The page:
The Sick Baby

Darin Strauss examines Munchausen by Proxy in his latest novel.

Based on the actual lives of America’s most famous pair of conjoined twins, Darin Strauss‘ bestselling debut novel Cheng & Eng was optioned by Disney; actor Gary Oldman has bought the rights and is working on the film. In Strauss’ latest novel, More Than It Hurts You — which he’ll discuss at A Great Good Place for Books (6120 LaSalle Ave., Oakland) on June 26 — a happily married TV airtime salesman gets a nasty shock when a doctor accuses his wife of having Munchausen by Proxy Syndrome and thus deliberately sickening the couple’s beloved baby son.The doctor is African American; the couple is white. It’s Strauss’ first novel that isn’t based on actual historical characters, but he says modern life is more than enough to fuel the imagination: “The Chinese have an old saying: ‘May you not live in interesting times.’ We live, unfortunately, in interesting times. So I wanted to write a book that brings together all the threads and fears of contemporary life — corporate greed, the modern mania for attention, loss of privacy, the maddening even-handedness of media coverage, a family’s threats from within and without. And, of course, race and gender. Just look at the current political landscape to see how important those last two subjects are,” Strauss notes.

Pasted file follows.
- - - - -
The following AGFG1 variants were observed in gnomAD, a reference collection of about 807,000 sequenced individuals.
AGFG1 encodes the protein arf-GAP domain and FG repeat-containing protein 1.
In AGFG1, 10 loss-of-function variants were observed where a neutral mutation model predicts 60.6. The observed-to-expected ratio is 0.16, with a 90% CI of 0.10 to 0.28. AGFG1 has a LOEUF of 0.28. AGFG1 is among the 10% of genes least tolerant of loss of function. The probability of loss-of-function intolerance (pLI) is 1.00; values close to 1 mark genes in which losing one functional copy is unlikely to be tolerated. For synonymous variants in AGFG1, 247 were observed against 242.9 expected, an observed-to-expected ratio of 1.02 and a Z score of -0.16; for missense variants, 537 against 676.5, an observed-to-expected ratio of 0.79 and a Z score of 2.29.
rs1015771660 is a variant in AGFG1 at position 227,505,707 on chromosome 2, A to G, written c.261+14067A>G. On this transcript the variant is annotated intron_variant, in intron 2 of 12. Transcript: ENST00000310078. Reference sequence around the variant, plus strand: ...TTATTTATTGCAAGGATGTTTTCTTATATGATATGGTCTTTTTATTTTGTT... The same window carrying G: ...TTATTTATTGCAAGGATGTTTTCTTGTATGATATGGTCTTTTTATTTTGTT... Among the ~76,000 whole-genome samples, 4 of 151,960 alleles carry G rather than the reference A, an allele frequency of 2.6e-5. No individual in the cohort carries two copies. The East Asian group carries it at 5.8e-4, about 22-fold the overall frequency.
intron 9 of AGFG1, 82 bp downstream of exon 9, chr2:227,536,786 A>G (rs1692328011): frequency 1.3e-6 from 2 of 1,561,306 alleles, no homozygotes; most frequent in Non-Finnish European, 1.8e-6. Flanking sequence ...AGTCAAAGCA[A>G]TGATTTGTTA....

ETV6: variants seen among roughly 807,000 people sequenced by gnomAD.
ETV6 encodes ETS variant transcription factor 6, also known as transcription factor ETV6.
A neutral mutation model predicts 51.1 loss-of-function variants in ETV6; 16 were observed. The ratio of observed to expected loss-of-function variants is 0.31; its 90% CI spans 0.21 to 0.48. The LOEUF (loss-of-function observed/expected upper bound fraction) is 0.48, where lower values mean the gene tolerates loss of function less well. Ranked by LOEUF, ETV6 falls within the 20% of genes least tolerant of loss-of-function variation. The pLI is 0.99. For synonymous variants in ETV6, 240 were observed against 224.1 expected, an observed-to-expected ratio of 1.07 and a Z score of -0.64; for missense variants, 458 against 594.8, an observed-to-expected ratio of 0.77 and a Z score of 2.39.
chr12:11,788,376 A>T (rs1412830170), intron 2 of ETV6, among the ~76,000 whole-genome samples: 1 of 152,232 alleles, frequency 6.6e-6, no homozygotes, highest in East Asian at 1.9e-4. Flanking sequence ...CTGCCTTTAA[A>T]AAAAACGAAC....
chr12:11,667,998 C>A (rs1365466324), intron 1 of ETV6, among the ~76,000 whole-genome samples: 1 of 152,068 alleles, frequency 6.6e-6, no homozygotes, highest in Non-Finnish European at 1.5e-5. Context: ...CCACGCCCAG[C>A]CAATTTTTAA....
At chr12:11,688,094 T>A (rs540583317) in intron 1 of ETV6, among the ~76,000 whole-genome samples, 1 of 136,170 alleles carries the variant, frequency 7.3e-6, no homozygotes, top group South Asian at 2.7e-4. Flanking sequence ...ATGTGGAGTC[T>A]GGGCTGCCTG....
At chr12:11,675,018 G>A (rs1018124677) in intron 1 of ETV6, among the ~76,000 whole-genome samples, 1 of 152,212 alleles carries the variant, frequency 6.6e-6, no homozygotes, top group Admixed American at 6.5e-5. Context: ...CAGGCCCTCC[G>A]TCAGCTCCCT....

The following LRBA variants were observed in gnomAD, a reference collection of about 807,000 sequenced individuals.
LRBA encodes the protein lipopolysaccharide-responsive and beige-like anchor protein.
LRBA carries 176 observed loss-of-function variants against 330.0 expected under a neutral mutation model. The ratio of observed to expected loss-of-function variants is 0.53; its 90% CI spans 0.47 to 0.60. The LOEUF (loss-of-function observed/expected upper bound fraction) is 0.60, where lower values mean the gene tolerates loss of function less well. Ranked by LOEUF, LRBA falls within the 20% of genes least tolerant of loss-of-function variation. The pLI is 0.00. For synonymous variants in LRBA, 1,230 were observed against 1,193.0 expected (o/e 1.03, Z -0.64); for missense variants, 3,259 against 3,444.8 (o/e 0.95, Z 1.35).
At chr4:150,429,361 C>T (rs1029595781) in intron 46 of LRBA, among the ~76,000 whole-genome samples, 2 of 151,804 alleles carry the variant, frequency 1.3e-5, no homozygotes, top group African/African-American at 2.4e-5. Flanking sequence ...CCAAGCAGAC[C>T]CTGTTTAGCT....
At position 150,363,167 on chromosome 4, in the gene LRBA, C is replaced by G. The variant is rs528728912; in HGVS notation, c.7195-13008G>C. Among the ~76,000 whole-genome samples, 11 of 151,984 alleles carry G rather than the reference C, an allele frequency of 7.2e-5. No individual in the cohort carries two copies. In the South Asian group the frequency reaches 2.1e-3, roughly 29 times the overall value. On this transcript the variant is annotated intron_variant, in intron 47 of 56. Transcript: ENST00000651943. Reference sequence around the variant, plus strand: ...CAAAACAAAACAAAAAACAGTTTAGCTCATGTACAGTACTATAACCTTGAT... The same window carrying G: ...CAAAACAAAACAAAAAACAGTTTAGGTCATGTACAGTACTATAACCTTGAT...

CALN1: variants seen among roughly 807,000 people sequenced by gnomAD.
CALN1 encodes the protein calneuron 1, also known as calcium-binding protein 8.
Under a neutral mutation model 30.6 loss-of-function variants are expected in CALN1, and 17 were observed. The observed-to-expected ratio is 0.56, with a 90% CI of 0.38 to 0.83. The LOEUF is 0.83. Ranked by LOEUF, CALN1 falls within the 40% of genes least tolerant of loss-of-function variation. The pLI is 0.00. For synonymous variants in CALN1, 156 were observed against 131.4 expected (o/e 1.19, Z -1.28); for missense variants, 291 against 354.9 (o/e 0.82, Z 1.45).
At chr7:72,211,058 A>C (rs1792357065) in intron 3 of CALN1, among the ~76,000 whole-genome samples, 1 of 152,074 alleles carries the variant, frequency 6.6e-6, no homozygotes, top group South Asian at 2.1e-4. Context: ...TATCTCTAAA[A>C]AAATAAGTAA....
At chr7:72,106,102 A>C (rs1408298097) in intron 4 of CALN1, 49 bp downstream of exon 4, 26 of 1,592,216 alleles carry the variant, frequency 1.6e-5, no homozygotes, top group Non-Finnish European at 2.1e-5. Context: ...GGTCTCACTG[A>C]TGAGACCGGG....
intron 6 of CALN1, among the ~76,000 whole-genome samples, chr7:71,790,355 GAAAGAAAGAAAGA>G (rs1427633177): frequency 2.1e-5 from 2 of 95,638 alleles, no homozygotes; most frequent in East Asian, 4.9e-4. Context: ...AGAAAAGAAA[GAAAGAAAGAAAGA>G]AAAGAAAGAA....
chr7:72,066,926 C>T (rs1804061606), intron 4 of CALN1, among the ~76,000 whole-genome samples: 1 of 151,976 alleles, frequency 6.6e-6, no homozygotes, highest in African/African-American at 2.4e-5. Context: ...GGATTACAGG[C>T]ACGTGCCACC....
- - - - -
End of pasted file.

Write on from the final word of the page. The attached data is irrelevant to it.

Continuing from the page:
And the disorder at the heart of his book is itself linked to socioeconomic hierarchies: “The crazy thing is that Munchausen’s is much more common in the US than most people know — over 100,000 cases a year. But it only happens in rich countries. … It’s a disease of luxury, of idle minds.” Also into the mix of his story went mental health, medicine, and the media: “Well, my wife’s a journalist who covered the Duke lacrosse scandal. And I learned a lot from watching her experience. On TV, ‘even-handedness’ … means the truth wins no more time or merit than any other position. The yelling is the message; the yelling and the easy digestibility of one’s story. People nowadays need to be amused even when learning — especially then. And so to compete for our attention, the news has gotten buffed into a plaything among the brighter playthings of entertainment.”

To give his fiction an authentic feel, “I talked with a number of doctors, including the most respected physician on the subject of Munchausen by Proxy in the United States. But, to be honest, I think research can be too easily used as a crutch for a fiction writer: There’s always a temptation to use it too much. One of the best advice nuggets I ever got was from E.L. Doctorow, who told me, ‘Do the least amount of research you can get away with, and no less.'” 7 p.m.


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